In collaboration with Dr. Douglas Chepeha, Dr. Majd Al-Mardini, and James Kelley from the TECHNA Institute, and Carly Barbone from Toronto Rehab at the University Health Network, the team also worked to meet the tough performance and safety requirements of medical devices. “The hardest part was integrating complex electrical components with a biocompatible base to fit safely in the mouth,” says Smith. “Many materials used in circuits are not biocompatible. We learned quickly how much work it is to combine electrical and biomedical components so they work within the mouth when covered with saliva.”

The project drew on knowledge the students had gained throughout their studies, Including engineering design, hardware circuits, programming, prototyping, biomaterials and biological assays. “This project is a great example of the power of multidisciplinary collaboration,” says Bouwmeester. “With a mix of students from EngSci’s electrical & computer engineering and biomedical systems engineering majors this team was able to achieve more advanced electrical hardware design and biological testing than a single discipline team would have.”

The resulting design is easier and cheaper to manufacture, can help speed up patient recovery, and can even help guide surgeons to better reconstructions. “This device has the potential to revolutionize rehabilitation of oral cavity patients,” says Dr. Chepeha. “It will help patients speak and eat after cancer treatment so they can go back to work and interact in society.”

Dr. Chepeha and his colleagues plan to continue working with EngSci students to test the device in patients and develop a wireless blue tooth interface to eliminate wires protruding from the mouth. They hope ultimately to license the device for distribution and support a speech and language pathologist to continue research on this innovative technology.


Inioluwa Deborah Raji (EngSci 1T9) named to MIT Technology Review’s Top Innovators Under 35

Deborah Raji photo

EngSci alumna Deborah Raji (1T9) has investigated racial and gender bias in facial recognition services. (Photo courtesy of Deborah Raji)

 

EngSci alumna Inioluwa Deborah Raji (EngSci 1T9) has been named to this year’s list of Top Innovators Under 35 by MIT Technology Review, an impressive achievement for such a recent graduate.

Raji was recognized for her impactful research on racial and gender bias in facial recognition services, such as those used by law enforcement agencies.  Her work, which she began while still an undergraduate student, made international headlines and has already helped set standards for accountability within the AI industry.

Read the full story of how Raji’s research and advocacy are having an impact in the U of T Engineering News.


What undergraduate summer research looks like in the time of COVID-19

By Tyler Irving

KMUTT virtual research meeting

 

Lauren Streitmatter (Year 2 EngSci) thought she’d be heading to Imperial College London this summer, but the pandemic had other plans.

“I was really looking forward to the hands-on experience working in a research lab, as well as going to Europe for the first time,” she says. “After that fell through, I didn’t have many ideas for a new summer position.”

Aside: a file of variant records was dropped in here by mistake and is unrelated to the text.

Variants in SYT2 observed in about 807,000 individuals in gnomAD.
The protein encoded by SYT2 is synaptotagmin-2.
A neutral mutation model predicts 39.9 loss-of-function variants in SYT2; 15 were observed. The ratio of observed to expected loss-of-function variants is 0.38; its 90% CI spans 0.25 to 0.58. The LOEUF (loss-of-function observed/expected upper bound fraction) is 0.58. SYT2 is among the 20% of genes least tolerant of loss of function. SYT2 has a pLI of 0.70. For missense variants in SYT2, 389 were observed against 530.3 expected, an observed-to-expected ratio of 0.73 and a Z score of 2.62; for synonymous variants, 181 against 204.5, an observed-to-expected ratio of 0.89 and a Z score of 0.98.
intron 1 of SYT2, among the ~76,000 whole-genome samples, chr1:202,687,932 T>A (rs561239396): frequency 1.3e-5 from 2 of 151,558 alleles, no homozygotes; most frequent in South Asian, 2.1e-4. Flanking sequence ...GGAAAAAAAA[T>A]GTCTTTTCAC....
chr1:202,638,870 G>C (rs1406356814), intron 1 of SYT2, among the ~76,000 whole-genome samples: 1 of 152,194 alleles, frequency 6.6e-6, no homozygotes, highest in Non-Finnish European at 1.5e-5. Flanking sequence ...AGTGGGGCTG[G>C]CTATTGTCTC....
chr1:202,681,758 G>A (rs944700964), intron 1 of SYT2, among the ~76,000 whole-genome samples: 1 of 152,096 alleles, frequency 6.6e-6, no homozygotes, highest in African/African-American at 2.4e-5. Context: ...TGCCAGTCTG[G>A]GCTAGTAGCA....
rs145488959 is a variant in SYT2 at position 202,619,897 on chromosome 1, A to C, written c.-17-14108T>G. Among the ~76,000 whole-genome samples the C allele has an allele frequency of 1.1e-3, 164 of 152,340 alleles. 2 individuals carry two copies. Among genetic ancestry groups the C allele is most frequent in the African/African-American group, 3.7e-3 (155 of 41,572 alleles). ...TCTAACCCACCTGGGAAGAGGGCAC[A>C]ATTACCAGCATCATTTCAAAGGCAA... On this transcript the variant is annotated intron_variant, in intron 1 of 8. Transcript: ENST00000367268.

But a few days after the cancellation, Streitmatter got an email about a new research opportunity, this one at Carnegie Mellon University. The project involved pandemic modelling, so it could be completed remotely, and the supervisor was U of T Engineering alumnus Professor Peter Zhang (EngSci 1T1, MIE MASc 1T3).

“I thought it looked really interesting,” says Streitmatter. “I got an interview and was accepted in early May to start the remote placement. We hope to uncover fundamental physical laws of epidemic processes by designing novel Explainable AI (XAI) methods.”

Lauren Streitmatter

Lauren Streitmatter is completing her summer research project remotely with Peter Zhang (EngSci 1T1, MIE MASc 1T3), a professor at Carnegie Mellon University. (Photo courtesy Lauren Streitmatter)

Streitmatter is one of dozens of U of T Engineering students who are forging ahead with summer research placements, despite the physical distancing restrictions in place throughout much of the world.

More than 50 of these projects are supported through the Engineering Science Research Opportunities Program (ESROP), which provides fellowships that are matched by project supervisors. ESROP is made possible by philanthropic donations from many benefactors, including Engineering Science alumni and industry partners.

“We’ve had an absolutely tremendous response from our partners both here at U of T and abroad, many of whom are our alumni,” says Scott Sleeth, Curriculum Officer in the Division of Engineering Science, who coordinates summer research placements.

“Summer is a perfect time to explore and learn in these open-ended projects,” says Zhang. “My mentors — including Dean Emerita Cristina Amon (MIE), David Romero, professors Chris Beck (MIE), Tim Chan (MIE), and Yu-Ling Cheng (ChemE) — lit the entrance for me, and I hope I can do something similar for future generations of students.”

All of the placements are being completed online. Many of them focus on topics such as data science, artificial intelligence, or bioinformatics, which naturally lend themselves to remote collaboration.

Like Streitmatter, some of the students have shifted their placements from one supervisor to another, including many within U of T. But others are going ahead with their original placements abroad, albeit virtually.

These include eight students studying with Professor Jonathan Chan (EngSci 8T4, ChemE MASc 8T7, PhD 9T5) another EngSci alumnus who is now a professor at King Mongkut’s University of Technology Thonburi.